LAST VISIT TO UTOPIA
It was raining and it was hot on the river. I was crashing on my friend’s couch. Me and my fiancé had just split up and I was having a nervous breakdown. In between nightmares, I thought about how I could get back on my feet maybe. There was that little, strange two-hander script — the one all the agents and managers had told me not to do — in fact, they wouldn’t rep me if I did. I had written it while living in a Tokyo motel for a week — a couple years back. The actors, John Ortiz and Martha Plimpton, were attached. It was about an agoraphobic. And she falls for her plumber.
The movie looked set to shoot for around a million dollars. There was only one problem. I was having trouble leaving my friend’s apartment. I missed meetings with investors. I was late getting everywhere. Ortiz gave me pep talks, but there was only so much he could do. Eventually the project kinda melted away. I didn’t really care.
Day after day and night after night, I would lie on my friend’s couch. Mostly I just stared at the ceiling and drank Seltzer. Sometimes I could focus enough to watch a movie on my laptop. I started watching some of Ozu’s movies. They were soothing, but not in a trivial way. They were made by a heart-broken person, I could feel. But a heart-broken person who hadn’t given up. Simply, he had compassion.
I kept watching Ozu’s films. The static camera. The calm clarity. Some small fire was starting to glow in me again. Some small fire to make a movie. But not with serious money or a big crew or nothin’ like that. In fact, I didn’t even wanna move the camera. I would shoot it like Ozu, all still frames. I had no energy for fanciful flashes or moves. This would be a movie that wasn’t trying to do anything. It would just be what it was. And it wouldn’t be some kind of indie that anyone at IFC was looking for. Wouldn’t be like Breaking Upwards. No one would see this thing. And if anyone did see it, it certainly wasn’t going to lend itself towards office cooler talk or Pabst Blue Ribbon talk. Or any kind of talk at all. This would be the kind of movie you’d probably only find if you were in a lot of trouble, crashing on a friend’s couch.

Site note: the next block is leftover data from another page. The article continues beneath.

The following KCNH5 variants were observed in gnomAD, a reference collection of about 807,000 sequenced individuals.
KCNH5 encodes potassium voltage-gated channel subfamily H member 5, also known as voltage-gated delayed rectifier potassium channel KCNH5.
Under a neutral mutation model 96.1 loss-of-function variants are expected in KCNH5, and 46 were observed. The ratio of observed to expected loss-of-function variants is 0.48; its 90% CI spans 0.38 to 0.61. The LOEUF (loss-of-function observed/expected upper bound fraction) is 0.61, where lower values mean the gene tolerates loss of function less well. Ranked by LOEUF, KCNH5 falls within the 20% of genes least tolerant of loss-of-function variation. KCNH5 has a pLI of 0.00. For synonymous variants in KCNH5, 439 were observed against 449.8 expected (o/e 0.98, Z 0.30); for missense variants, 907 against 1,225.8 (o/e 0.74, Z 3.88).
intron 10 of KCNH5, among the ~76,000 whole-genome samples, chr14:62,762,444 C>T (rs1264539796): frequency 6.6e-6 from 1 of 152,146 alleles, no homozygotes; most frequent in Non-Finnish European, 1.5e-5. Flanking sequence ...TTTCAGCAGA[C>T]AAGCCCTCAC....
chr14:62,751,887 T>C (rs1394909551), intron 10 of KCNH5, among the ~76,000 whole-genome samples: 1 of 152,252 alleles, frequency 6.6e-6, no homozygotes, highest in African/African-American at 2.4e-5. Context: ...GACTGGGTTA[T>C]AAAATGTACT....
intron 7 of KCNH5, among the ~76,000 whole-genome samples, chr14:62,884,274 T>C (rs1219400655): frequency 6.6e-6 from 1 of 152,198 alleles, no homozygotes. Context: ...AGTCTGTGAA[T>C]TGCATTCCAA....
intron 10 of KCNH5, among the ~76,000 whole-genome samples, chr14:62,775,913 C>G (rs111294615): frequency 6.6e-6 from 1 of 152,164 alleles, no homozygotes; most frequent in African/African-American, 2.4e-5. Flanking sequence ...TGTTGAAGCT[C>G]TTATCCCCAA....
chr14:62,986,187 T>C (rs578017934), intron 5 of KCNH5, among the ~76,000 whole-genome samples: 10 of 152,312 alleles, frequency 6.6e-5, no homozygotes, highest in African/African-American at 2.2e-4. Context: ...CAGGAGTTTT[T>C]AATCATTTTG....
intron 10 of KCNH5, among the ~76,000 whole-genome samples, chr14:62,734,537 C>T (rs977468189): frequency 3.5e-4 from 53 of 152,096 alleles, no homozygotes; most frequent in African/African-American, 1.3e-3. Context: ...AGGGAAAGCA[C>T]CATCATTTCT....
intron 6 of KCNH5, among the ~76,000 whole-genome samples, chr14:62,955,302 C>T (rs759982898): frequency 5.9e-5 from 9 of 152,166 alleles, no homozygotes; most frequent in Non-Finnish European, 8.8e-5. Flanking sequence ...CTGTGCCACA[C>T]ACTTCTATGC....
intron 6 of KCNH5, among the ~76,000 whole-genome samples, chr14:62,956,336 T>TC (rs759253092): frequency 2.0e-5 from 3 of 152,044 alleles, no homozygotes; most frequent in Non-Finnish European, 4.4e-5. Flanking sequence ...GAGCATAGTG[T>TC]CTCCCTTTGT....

We shot it in a warehouse in Burbank. My old buddy Megan Cotts, who had never art directed a film before, built the agoraphobic’s New York apartment. It was the only set I’ve ever seen that made me emotional. Ryan Samul, the cinematographer from my last film — he came in with confidence and a band of sweet-hearted pirates. They were the finest crew I’ve ever worked with. Ryan so naturally took on the task of not moving the camera — I started to wonder if he was actually an old Japanese man named Jinbe. Scott Larkin, who I’d known a long time ago as a 2nd A.D., was now a great 1st and our captain.
The producers, Sam Housman and Louise Runge, trusted me. And they made sure double shots of espresso were always around. And they generally made the whole affair seem like a fun, dark picnic. Like a party in a cemetery at night. Michaela Conlin, another old friend, produced with Sam and Louise — her first time producing. Though you would never know it. With Michaela around, I felt completely protected.
Anyways, for nine or ten days or something — we just made this film in this warehouse. I’m not even sure what the title of the movie is. Marin Ireland and Paul Sparks were the only actors in the movie. And we all got to watch them do their thing. I hardly even had any notes for them. They brought heavy spirit and were wonderful. In a couple years they’ll probably both be real renowned. Ryan Samul will probably only be making movies with ten million or over budgets. Megan Cotts will only work with James Cameron. And that’s okay, that’s okay. But for about a week and a half, I remembered why I got involved in movies. I was nineteen and wanted to say something. I was naive. I didn’t know that the foundation of the movie world was made of sex, money, power, and fame. And I know that now. And I’m sorry if I wasted anyone’s time in not knowing it. But for just a little while, in Burbank, all the ugliness faded away.